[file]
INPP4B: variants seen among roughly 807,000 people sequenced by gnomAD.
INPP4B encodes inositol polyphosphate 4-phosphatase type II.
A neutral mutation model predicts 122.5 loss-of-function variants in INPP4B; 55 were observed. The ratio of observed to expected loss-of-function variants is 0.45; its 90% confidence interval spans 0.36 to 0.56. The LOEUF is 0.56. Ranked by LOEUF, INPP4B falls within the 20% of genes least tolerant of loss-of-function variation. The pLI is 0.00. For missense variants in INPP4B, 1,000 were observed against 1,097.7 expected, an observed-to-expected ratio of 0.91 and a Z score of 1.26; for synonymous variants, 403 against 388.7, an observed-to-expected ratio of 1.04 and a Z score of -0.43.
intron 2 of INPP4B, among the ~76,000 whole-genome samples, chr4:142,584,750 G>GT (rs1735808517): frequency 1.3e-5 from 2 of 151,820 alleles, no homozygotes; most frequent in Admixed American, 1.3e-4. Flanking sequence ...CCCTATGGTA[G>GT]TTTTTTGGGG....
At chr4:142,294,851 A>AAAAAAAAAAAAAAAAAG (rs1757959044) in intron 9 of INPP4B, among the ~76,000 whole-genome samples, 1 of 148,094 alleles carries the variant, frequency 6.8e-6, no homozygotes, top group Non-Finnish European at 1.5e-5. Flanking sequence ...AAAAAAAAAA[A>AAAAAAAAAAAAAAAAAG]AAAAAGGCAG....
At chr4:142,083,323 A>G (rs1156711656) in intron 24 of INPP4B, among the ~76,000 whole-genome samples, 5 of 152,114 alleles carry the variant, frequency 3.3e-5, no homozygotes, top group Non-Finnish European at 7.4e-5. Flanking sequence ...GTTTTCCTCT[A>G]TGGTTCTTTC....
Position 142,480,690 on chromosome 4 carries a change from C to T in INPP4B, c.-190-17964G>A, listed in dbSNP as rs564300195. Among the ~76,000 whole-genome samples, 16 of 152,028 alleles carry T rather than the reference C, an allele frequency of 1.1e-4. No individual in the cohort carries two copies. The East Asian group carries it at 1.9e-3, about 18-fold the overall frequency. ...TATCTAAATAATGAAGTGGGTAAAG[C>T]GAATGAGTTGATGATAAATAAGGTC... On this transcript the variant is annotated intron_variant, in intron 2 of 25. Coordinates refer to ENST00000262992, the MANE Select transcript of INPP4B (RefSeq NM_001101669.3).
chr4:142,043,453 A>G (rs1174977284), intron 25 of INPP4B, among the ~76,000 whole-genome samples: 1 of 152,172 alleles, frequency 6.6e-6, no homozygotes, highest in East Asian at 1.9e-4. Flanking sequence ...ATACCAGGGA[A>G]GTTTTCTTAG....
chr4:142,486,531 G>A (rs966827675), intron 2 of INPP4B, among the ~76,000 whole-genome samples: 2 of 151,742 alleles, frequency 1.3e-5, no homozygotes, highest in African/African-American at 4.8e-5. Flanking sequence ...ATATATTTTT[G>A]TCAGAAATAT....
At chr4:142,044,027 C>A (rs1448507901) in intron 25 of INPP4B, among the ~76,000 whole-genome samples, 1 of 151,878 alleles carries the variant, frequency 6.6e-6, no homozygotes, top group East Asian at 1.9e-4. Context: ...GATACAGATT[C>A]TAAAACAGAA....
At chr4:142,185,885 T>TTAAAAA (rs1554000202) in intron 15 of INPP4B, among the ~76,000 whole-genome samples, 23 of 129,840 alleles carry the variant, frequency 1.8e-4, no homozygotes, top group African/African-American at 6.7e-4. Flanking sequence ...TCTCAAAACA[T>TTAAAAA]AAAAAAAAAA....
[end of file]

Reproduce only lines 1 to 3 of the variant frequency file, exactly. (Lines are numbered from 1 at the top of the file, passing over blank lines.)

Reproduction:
INPP4B: variants seen among roughly 807,000 people sequenced by gnomAD.
INPP4B encodes inositol polyphosphate 4-phosphatase type II.
A neutral mutation model predicts 122.5 loss-of-function variants in INPP4B; 55 were observed. The ratio of observed to expected loss-of-function variants is 0.45; its 90% confidence interval spans 0.36 to 0.56. The LOEUF is 0.56. Ranked by LOEUF, INPP4B falls within the 20% of genes least tolerant of loss-of-function variation. The pLI is 0.00. For missense variants in INPP4B, 1,000 were observed against 1,097.7 expected, an observed-to-expected ratio of 0.91 and a Z score of 1.26; for synonymous variants, 403 against 388.7, an observed-to-expected ratio of 1.04 and a Z score of -0.43.